Monday, December 5, 2016

Sunday's Sermon -Advent II - Repentance

Isaiah 11:1-10
Romans 15:4-13
Matthew 3:1-12


John was baptizing.  And when the Pharisees and Sadducees came to him to be baptized, the implication is that he did baptize them as well.  But what he had to say to them was pretty harsh.  He offered baptism for repentance, but then declared that this was just a beginning…  just a prelude to what Jesus would bring.  He himself declared that the baptism he was offering was, in a sense, “easy”.  It was gentle.  He said, come to me and let me baptize you and your sins will be cleaned.  But John also warned that Jesus’ coming would not be so simple.  Making amends, repenting, is not just the easy task of saying to God, “I messed up.”  Not that saying this is easy, either.  Even admitting to God our mistakes can be hard.   We like our general prayers of confession – our general prayers that don’t get into the “specifics” but just state in very general terms the errors of our ways.  Sitting down with God and really taking a moral inventory is much harder.  Saying to God, admitting to ourselves that we have passed up those in need, that we have hurt people around us, that we judge too quickly and live out that judgment in unhealthy ways….the specifics of our errors are harder to admit.  But John takes this a step further.  He says, yes, he baptizes with water for repentance.  But when Jesus comes, he will be baptizing with the Holy Spirit and with fire.  What does that mean?  We understand that it has to do with repentance, but what exactly is John saying to the Pharisees and Sadducees, and to us as well?
               At some level, I think the Pharisees and Sadducees did get that they had things they needed to repent of.  They would not have come to John otherwise.  But they did come to John for baptism.    So I think it is helpful to take a step back and look at who the Pharisees and Sadducees really were.  Apparently, the more research that is done on who the Pharisees and Sadducees are, the less that is actually known about them.  Everyone has a different guess - but more and more scholars admit that’s all they have: guesses.  Our greatest information about them, then, must come from the gospel stories themselves.  When reading Biblical passages that talk about Pharisees and Sadducees, it becomes apparent that the one characteristic that is constantly being confronted in their strict dedication to the law to the point that they would sometimes hurt others just so they would be following that law.  They follow the Biblical law to a tee.  They would never touch someone who was “unclean,” ie bleeding, or somehow broken, they would never work on the Sabbath, and that included healing or allowing for others to be healed.  They are trying to follow God’s law in all that they do: and apparently, they are very good at it.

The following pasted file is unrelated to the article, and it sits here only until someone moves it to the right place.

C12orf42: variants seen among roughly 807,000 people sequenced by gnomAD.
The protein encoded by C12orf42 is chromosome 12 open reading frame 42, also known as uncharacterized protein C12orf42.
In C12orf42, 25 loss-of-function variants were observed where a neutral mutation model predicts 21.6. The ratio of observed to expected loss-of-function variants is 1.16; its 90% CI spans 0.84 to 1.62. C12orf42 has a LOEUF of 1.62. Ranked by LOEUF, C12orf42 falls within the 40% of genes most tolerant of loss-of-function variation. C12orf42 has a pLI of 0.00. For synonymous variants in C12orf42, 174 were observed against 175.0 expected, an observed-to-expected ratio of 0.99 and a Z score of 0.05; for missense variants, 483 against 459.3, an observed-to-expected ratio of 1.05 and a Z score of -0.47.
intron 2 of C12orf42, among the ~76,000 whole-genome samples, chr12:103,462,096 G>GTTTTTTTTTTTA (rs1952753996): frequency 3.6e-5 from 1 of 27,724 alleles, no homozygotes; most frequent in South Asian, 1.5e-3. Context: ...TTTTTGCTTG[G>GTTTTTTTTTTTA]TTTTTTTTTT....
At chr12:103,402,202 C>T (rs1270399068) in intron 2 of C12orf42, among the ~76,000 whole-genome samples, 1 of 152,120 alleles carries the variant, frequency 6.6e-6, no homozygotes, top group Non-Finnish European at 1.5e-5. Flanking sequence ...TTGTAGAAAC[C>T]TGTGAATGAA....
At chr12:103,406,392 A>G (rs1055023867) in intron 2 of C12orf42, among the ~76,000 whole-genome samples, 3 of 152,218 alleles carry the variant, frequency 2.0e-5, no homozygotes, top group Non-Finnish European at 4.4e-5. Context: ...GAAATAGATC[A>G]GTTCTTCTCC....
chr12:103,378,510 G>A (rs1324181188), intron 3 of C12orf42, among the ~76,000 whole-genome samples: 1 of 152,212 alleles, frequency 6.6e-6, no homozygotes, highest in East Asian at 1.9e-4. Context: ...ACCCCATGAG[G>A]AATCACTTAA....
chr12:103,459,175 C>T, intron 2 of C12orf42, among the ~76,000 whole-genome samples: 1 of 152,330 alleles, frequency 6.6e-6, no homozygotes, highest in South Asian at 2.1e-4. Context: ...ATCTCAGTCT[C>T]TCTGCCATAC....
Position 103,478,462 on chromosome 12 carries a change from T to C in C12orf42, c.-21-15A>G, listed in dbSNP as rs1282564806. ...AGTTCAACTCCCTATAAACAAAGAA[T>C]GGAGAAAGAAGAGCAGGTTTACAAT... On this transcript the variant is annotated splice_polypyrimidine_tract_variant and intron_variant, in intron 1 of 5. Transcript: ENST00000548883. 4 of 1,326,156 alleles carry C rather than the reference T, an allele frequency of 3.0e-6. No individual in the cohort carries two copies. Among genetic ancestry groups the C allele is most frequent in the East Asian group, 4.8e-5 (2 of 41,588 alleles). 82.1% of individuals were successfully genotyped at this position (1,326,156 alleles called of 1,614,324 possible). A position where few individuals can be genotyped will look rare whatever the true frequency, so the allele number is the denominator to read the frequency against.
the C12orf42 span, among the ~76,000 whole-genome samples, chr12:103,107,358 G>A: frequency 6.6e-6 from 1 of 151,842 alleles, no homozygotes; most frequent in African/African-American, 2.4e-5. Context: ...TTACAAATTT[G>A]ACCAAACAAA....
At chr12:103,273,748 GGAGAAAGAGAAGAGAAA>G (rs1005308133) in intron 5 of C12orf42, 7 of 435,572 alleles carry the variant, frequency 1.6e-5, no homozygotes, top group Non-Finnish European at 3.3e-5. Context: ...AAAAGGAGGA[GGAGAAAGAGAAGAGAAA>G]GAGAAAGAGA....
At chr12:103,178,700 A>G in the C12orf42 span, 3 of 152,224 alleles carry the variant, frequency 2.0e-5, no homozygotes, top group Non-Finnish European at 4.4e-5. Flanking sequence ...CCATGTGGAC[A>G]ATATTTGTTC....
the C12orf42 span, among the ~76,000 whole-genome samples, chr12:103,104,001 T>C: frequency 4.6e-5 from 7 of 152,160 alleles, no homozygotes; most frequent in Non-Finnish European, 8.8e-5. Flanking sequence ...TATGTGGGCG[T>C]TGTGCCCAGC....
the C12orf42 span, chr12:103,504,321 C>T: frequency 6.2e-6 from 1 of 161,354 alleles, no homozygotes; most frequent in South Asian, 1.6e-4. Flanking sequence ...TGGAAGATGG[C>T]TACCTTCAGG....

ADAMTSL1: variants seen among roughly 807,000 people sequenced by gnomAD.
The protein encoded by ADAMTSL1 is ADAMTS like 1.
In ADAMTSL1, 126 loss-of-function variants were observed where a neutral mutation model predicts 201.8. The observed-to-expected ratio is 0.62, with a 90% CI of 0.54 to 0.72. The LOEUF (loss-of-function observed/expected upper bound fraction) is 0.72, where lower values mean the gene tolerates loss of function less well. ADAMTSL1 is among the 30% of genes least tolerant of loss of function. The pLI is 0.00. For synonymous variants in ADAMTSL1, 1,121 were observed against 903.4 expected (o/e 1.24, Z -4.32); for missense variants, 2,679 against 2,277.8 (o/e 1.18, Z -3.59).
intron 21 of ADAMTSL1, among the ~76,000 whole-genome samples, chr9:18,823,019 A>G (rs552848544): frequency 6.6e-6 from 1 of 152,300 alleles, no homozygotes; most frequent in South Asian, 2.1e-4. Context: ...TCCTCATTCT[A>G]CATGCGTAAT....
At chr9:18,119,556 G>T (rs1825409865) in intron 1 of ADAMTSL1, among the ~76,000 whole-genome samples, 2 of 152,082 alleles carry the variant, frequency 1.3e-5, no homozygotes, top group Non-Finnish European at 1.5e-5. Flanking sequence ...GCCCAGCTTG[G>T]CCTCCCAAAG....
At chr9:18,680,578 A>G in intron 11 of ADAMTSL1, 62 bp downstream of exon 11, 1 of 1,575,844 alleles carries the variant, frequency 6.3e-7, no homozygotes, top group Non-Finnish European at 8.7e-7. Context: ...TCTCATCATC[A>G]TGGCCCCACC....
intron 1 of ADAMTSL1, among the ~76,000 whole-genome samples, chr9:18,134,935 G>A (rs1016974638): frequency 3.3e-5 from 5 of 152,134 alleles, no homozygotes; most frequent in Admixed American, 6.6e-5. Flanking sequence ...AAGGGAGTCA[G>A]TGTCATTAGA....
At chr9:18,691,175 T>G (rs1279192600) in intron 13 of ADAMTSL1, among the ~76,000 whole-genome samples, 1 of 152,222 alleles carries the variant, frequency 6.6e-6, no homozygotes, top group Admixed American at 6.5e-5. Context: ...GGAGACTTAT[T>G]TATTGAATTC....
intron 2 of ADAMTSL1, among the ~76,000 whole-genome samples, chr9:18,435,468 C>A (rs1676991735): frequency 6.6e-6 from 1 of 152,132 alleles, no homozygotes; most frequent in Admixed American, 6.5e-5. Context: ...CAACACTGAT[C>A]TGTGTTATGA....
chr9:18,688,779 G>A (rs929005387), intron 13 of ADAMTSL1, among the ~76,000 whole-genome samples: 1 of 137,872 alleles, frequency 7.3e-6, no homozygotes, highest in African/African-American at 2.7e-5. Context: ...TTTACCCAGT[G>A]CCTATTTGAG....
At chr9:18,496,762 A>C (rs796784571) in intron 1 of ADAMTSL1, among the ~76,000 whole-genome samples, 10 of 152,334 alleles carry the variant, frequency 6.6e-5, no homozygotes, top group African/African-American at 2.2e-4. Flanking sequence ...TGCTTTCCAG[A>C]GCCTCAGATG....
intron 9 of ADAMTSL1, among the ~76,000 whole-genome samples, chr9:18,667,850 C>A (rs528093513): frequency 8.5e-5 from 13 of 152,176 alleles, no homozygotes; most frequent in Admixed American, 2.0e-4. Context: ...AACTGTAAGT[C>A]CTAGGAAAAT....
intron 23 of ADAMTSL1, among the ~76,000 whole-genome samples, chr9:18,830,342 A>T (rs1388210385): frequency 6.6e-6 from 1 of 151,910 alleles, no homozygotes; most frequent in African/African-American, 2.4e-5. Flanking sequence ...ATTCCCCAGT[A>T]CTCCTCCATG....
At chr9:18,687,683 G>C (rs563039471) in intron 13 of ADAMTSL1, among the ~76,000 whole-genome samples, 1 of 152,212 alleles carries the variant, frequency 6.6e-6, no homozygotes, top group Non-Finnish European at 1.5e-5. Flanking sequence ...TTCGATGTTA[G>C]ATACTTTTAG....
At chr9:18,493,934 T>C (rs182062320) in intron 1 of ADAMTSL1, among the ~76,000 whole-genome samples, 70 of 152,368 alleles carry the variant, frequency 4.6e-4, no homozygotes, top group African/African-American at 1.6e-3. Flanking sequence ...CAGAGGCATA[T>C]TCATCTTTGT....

But they do it so rigidly that people end up hurt. They fail to live the deeper law of LOVE because they are so focused on the specifics of the laws that they feel make them “clean” or right.   The problem has to do with their fruit, as John the Baptist tells it in this passage.  In their efforts to uphold and live out the law, the Pharisees and Sadducees passed up many opportunities to really care for and serve people, God’s children, others, those around them.  John the Baptist tells them that it is by their fruits that they are known, not by their legal goodness, not by their righteousness, not by the laws they so strictly follow and obey.  What God cares about is that we live lives of love - loving your neighbor, loving your enemy, loving all you encounter, in the same way that you would love yourself.  It is by the care that a person provides, the lives each person touches and changes, it is by how much good we do in the world, not by righteously following the laws, but by how we live lives of love, that we will find ourselves judged.